Back to School Newspaper Unit Lesson Plans
- Grade Level: Upper Elementary, Middle School, High School
- Subject Area: Language Arts
Students assemble and format their stories and layout their electronic newspaper. A variety of styles, from simple single block layouts to more complicated multiple columns are possible.
- Learn about Web publication and HTML coding.
- Continue to refine their writing skills as they create their final drafts.
Materials and Resources
In developing our lessons and activities, we made some assumptions about the hardware and software that would be available in the classroom for teachers who visit the LETSNet Website. We assume that teachers using our Internet-based lessons or activities have a computer (PC or Macintosh) with the necessary hardware components (mouse, keyboard, and monitor) as well as software (operating system, TCP/IP software, networking or dial-up software, e-mail and a World Wide Web client program, preferably Netscape, but perhaps Mosaic or Lynx). In the section below, we specify any "special" hardware or software requirements for a lesson or activity (in addition to those described above) and the level of Internet access required to do the activity.
- Special hardware requirements: Access to a server to store Web pages and access to a scanner if images are to be included in the newspaper.
- Special software requirements: an HTML editor.
- Internet access: Any connection speed is sufficient for uploading Web pages to the server, it should be noted that medium-speed (28,000 BPS via modem), or high-speed (greater than 1 MBPS via network) will complete the job sooner.
- Have students visit the sites listed below in Internet Resources to see samples of student-created newspapers. While students visit the sites, have them look at the various layout styles the different papers used and decide on which type they would like to use for theirs.
- After a layout style has been decided upon, have a group of students investigate what sort of HTML codes were used to create the pages. To do so, students will want to revisit the newspaper site and view the document source for the page. In Netscape this is done by pulling down the "View" menu on the top bar of the Netscape window and then choosing "Document source." By comparing the HTML code and text of the document with what they see in the Web browser, students can select the types of codes that they will need for the paper. Students can save examples of codes they see at other sites by saving Web pages they like. To do so students should go to the "File" menu in Netscape and choose "Save as," then in the format dialog box the should select "Source" (instead of Text).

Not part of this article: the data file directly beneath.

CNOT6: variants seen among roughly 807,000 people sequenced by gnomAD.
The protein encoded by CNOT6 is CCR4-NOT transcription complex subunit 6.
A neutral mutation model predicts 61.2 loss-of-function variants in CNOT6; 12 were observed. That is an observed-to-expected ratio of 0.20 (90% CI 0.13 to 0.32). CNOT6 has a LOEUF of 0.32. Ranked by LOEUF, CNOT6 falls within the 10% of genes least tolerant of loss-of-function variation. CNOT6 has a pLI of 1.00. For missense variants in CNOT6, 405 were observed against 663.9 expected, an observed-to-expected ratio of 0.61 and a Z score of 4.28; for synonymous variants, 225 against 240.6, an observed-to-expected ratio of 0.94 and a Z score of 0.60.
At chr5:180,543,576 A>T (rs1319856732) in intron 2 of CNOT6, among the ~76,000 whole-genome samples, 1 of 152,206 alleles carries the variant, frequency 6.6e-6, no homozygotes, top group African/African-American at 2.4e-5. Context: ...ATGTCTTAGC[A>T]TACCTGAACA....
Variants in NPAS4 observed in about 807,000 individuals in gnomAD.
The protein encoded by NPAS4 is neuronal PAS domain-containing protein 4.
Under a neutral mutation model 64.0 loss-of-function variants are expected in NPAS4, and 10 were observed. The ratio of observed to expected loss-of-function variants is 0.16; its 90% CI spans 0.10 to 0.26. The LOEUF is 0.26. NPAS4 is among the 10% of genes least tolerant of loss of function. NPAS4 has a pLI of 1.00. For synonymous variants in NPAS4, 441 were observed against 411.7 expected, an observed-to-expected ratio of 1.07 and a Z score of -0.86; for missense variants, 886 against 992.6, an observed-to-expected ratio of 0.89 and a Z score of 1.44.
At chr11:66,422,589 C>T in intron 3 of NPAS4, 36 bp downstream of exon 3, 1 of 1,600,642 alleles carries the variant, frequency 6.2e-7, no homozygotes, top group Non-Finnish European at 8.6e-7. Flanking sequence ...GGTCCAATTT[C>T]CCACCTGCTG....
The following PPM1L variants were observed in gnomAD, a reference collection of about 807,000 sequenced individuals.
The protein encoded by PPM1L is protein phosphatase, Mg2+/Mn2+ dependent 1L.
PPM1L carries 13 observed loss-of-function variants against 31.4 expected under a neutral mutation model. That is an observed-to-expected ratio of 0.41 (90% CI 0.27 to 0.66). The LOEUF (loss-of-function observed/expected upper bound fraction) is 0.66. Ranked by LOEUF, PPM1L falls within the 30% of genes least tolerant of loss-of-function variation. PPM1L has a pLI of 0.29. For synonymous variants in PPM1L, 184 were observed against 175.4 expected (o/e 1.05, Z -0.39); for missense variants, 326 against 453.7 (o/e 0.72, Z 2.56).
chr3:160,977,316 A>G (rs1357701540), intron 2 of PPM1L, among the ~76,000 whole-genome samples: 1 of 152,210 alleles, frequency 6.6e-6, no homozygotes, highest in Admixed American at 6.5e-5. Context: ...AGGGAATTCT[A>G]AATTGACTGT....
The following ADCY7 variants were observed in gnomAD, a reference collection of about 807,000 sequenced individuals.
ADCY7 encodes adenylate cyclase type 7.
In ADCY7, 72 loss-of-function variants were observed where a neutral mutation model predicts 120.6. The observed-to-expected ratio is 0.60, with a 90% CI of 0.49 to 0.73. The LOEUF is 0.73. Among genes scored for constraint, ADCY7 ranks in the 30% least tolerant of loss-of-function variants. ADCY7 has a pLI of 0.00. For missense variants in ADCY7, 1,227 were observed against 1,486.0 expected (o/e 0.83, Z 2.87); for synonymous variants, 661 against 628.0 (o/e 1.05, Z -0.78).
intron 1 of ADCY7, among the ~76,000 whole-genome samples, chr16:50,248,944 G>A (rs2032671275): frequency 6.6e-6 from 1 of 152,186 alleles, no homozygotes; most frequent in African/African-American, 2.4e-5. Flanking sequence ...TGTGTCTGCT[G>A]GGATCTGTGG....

- If you have access to a scanner, have students scan in the images they have selected for their pieces. Image files need to be stored as GIF or JPEG files for Web browsers to be able to access them.
- Convert documents into HTML format. You may do this one of three ways:
- Have students input their texts into a word processor for final editing and spell-checking. Files should be saved as text-only. Next have students open the documents in an HTML editor which aids in inserting HTML tags. All files should be saved with a .htm or .html suffix (use ".htm" if you use DOS or Windows and ".html" if you use other computers).
- Have students enter their final drafts directly into an HTML editor. Insert any HTML tags to complete the layout.
- Have students enter their final drafts into a word processor and save their work as text-only format. Students can type in the HTML tags they need as they enter their work.
- You may want to publicize the first "printing" of your paper by announcing the Website's address at various electronic forums. See our list of Internet Resources below for some places to target.
LETSNet Professional Growth Modules
- Introduction to Web Publishing
Learn how to set up web documents on a server.
- Basic HTML Module
Learn more about basic HTML tags that allow you to insert sounds and images.
- Martin Luther King Jr., Elementary School's Newspaper
Students at this elementary school in Los Angeles created the content for the paper and then received help from UCLA journalism students to create the Web pages. This is a good example of a basic format for creating a school newspaper.
- Black and White and Read All Over, the Garfield School's Newspaper.
Students at this K-5 school in Monmouth, Illinois created a Web newspaper that has a slightly more advanced layout.
- Eagle's Eye, the Corona Avenue Elementary School's Newspaper.
Students at this school in Bell, California created this newspaper that highlights organizations that have helped their school. They layout is fairly advanced involving the use of HTML tags to create tables which give the paper its columns.
- Ralph Bunche School's Newspaper
Students at this school in New York City post monthly installments of their school newspaper on this page. Their format is an example of a moderately advanced page.
Resources for Publicizing Your Newspaper
- Intercultural E-mail Classroom Connection
St. Olaf College site lists a number of places where you can join e-mail discussion lists to connect with classrooms around the United States and the world.
- Humanities Net e-mail discussion list on hypermedia
Send e-mail to this address to join a discussion list moderated by a history professor interested in integrating computers and multimedia.
- Humanities Net e-mail discussion list for history teachers
Send e-mail to this address to particatipate in H-Teach. H-Teach is a list dedicated to teaching history on the college-level.
- Humanities Net e-mail discussion list for Teaching Social Studies in Secondary Schools
Send e-mail to this list to participate in discussions on secondary social studies.
This e-mail discussion list is a general education list that led the way in educational e-mail discussions.
- Edweb Discussion List
An e-mail discussion list run by Andy Carvin, based at Edweb.